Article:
I decided the job wasn’t for me when I was manhandling a full oxygen tank up five flights of steps in an apartment building with no elevator. At one turn, the thing started rolling off the hand truck. I could envision the big green cylinder bounding down the steps and crashing into and perhaps through walls and…who knew…perhaps exploding. Somehow, I grappled the thing with both arms and legs, nearly riding it like Slim Pickens rode the nuclear bomb to oblivion in Dr. Strangelove.

I never knew Slotkin. I was just a kid driving one of his fleet of trucks for a very brief time. At this distant time, I have no idea why he destroyed “millions of dollars” worth of rare books.

Googling, I found no Abraham, but there was a Stanley. Imagine a newspaper getting a name so wrong. The media… Here you can look for yourself at one of his book collections: https://oac.cdlib.org/findaid/ark:/13030/c8kp83x2/entire_text/

And his Wikipedia page: https://en.wikipedia.org/wiki/Stanley_Slotkin

Interesting guy.

If the newspaper had his age right, the article was from 1970 or 71.

I now have one of Slotkin’s free leaf books. The leaves are from 1500, 1483, 1667 and 1515. I wonder what booksellers at the time thought of the quirky collector cutting up books to give ancient pages away. Today I think we’d all be horrified. Or at least I hope we would.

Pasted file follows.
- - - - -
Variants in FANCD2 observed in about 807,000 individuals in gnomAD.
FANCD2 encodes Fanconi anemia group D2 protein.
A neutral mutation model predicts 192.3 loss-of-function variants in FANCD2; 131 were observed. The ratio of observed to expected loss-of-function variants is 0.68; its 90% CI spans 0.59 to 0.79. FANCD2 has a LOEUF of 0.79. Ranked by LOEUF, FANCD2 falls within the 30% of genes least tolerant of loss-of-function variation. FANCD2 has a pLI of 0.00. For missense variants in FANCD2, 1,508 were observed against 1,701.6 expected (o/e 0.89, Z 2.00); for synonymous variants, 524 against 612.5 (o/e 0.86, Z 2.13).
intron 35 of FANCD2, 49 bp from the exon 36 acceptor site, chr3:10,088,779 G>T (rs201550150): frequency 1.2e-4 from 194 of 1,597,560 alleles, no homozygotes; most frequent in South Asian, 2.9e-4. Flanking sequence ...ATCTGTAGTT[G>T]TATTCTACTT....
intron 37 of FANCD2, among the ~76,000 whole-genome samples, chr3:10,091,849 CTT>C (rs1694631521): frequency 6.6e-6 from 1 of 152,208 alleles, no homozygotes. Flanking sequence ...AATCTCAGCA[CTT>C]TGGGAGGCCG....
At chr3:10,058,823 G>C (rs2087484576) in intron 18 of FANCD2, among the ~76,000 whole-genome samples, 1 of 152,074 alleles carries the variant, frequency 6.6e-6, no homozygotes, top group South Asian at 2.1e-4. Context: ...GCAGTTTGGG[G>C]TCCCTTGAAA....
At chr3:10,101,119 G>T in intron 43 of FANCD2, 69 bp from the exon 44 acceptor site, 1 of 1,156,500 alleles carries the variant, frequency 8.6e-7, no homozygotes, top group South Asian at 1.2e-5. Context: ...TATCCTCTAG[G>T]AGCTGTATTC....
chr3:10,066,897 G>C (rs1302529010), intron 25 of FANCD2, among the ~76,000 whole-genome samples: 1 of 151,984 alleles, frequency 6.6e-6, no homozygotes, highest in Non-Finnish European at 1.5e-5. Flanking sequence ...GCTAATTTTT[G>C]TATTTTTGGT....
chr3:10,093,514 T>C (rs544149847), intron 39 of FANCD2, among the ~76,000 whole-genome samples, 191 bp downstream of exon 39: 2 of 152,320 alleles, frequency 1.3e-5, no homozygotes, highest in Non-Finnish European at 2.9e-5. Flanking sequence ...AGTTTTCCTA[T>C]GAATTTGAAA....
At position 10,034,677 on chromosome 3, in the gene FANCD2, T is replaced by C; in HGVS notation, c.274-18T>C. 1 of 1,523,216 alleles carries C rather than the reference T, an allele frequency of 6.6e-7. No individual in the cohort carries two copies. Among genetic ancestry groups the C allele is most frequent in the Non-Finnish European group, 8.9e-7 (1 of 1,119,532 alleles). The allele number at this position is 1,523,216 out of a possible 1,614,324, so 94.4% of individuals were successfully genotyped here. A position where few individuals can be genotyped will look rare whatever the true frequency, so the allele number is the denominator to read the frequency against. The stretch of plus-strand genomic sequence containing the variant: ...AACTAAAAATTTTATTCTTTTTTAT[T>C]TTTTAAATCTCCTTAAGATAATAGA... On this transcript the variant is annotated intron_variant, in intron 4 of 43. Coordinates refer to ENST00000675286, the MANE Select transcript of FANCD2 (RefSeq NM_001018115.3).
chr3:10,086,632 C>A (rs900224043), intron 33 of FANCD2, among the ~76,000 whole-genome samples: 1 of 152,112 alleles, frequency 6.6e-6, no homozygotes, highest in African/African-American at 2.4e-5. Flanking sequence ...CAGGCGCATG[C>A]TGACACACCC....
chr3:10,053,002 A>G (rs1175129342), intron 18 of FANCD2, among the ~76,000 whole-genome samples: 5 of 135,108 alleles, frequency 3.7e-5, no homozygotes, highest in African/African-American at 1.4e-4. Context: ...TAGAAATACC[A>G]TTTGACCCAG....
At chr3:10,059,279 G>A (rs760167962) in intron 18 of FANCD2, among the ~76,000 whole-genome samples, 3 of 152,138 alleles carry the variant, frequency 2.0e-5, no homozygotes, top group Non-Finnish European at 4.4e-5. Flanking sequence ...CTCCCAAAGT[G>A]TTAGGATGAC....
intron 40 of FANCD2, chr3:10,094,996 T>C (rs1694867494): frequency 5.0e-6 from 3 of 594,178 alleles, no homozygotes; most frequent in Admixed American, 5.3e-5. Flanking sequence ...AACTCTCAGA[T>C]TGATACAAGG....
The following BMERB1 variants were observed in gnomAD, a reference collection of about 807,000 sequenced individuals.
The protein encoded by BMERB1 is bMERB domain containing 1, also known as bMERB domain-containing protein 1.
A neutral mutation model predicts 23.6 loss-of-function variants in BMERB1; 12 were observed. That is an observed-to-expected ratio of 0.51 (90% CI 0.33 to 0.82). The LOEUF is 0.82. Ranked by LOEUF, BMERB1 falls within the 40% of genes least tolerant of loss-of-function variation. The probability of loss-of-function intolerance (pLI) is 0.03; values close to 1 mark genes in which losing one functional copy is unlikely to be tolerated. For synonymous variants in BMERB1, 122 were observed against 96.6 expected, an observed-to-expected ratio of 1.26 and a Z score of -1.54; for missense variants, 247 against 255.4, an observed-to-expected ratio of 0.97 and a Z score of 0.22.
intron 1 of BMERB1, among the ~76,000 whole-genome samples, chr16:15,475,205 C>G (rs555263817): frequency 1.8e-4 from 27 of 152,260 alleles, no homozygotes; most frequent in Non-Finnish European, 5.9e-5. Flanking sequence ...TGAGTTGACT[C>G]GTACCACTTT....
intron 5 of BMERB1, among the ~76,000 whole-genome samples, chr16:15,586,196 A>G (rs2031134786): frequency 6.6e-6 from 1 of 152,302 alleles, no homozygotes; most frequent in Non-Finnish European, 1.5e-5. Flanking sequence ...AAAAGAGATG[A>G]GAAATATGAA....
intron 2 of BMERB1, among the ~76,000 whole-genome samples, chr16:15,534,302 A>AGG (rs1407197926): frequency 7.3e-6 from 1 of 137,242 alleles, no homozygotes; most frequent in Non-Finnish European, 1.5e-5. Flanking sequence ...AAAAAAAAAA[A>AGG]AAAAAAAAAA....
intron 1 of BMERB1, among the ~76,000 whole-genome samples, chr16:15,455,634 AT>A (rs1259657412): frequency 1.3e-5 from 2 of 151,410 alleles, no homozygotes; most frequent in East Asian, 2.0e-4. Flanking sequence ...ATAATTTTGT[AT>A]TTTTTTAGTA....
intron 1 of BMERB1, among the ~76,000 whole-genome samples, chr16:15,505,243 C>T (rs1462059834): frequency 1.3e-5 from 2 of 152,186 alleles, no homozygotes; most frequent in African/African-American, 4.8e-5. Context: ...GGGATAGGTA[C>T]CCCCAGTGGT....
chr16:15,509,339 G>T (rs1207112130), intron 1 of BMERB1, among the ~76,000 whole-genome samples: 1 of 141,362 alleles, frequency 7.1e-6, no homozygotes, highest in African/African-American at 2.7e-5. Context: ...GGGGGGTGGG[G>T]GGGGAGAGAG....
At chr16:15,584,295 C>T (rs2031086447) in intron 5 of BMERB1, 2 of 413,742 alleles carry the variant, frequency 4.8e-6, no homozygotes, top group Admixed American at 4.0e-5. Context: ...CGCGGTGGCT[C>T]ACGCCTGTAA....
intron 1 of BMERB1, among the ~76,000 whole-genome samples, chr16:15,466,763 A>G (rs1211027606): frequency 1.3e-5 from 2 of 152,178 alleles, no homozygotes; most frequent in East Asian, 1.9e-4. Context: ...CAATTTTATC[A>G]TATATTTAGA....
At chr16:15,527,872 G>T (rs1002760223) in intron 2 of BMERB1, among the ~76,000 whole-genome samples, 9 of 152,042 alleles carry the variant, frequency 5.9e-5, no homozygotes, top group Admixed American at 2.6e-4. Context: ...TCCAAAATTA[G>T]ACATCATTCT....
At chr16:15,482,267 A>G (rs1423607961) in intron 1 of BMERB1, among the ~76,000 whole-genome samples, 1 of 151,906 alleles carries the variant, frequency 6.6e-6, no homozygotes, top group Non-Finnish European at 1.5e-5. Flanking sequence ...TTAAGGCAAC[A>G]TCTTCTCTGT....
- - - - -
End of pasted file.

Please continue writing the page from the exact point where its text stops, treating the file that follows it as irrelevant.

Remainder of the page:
I have a leaf book collection. This may be the ugliest in it. It is certainly the most serendipitous.

What on earth were they thinking stapling the ancient leaves like that?!

I guess I can’t judge what took place in the past. I can only try to make sure it doesn’t happen again.

In the last story, I mentioned the new Collector’s Corner feature on our website.

It is still a work in progress.

We are slowly adding the D. Douglas Fratz Collection of beautiful modern sci-fi and fantasy.

We were brought a hoard of books donated by Robyn (Mrs. Charles) Krauthammer. They are mostly modern cookbooks!

And, finally, after all these years, we are beginning to add the books we removed from “Lothlorien” after my dear friend Barbara Mertz (a.k.a. Elizabeth Peters and Barbara Michaels) passed away there seven years ago.